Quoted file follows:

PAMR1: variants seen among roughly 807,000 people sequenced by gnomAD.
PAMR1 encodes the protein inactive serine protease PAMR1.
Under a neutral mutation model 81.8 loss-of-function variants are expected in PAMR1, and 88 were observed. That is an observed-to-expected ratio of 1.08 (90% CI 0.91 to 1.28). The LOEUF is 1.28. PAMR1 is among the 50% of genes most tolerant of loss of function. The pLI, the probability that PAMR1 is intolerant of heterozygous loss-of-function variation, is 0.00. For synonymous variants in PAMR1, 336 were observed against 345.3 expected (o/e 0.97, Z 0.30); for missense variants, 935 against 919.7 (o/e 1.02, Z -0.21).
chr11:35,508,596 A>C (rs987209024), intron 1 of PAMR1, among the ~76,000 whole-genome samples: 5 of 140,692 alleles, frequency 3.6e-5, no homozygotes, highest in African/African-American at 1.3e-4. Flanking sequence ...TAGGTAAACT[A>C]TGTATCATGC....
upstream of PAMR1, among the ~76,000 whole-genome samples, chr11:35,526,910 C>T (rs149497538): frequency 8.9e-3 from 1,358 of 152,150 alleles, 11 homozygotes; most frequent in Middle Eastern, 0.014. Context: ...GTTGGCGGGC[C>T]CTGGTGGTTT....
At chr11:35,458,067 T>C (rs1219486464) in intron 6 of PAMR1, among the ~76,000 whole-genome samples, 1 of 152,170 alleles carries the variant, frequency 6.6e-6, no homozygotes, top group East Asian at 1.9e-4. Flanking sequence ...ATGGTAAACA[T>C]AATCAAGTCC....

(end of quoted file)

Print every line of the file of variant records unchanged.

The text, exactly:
PAMR1: variants seen among roughly 807,000 people sequenced by gnomAD.
PAMR1 encodes the protein inactive serine protease PAMR1.
Under a neutral mutation model 81.8 loss-of-function variants are expected in PAMR1, and 88 were observed. That is an observed-to-expected ratio of 1.08 (90% CI 0.91 to 1.28). The LOEUF is 1.28. PAMR1 is among the 50% of genes most tolerant of loss of function. The pLI, the probability that PAMR1 is intolerant of heterozygous loss-of-function variation, is 0.00. For synonymous variants in PAMR1, 336 were observed against 345.3 expected (o/e 0.97, Z 0.30); for missense variants, 935 against 919.7 (o/e 1.02, Z -0.21).
chr11:35,508,596 A>C (rs987209024), intron 1 of PAMR1, among the ~76,000 whole-genome samples: 5 of 140,692 alleles, frequency 3.6e-5, no homozygotes, highest in African/African-American at 1.3e-4. Flanking sequence ...TAGGTAAACT[A>C]TGTATCATGC....
upstream of PAMR1, among the ~76,000 whole-genome samples, chr11:35,526,910 C>T (rs149497538): frequency 8.9e-3 from 1,358 of 152,150 alleles, 11 homozygotes; most frequent in Middle Eastern, 0.014. Context: ...GTTGGCGGGC[C>T]CTGGTGGTTT....
At chr11:35,458,067 T>C (rs1219486464) in intron 6 of PAMR1, among the ~76,000 whole-genome samples, 1 of 152,170 alleles carries the variant, frequency 6.6e-6, no homozygotes, top group East Asian at 1.9e-4. Flanking sequence ...ATGGTAAACA[T>C]AATCAAGTCC....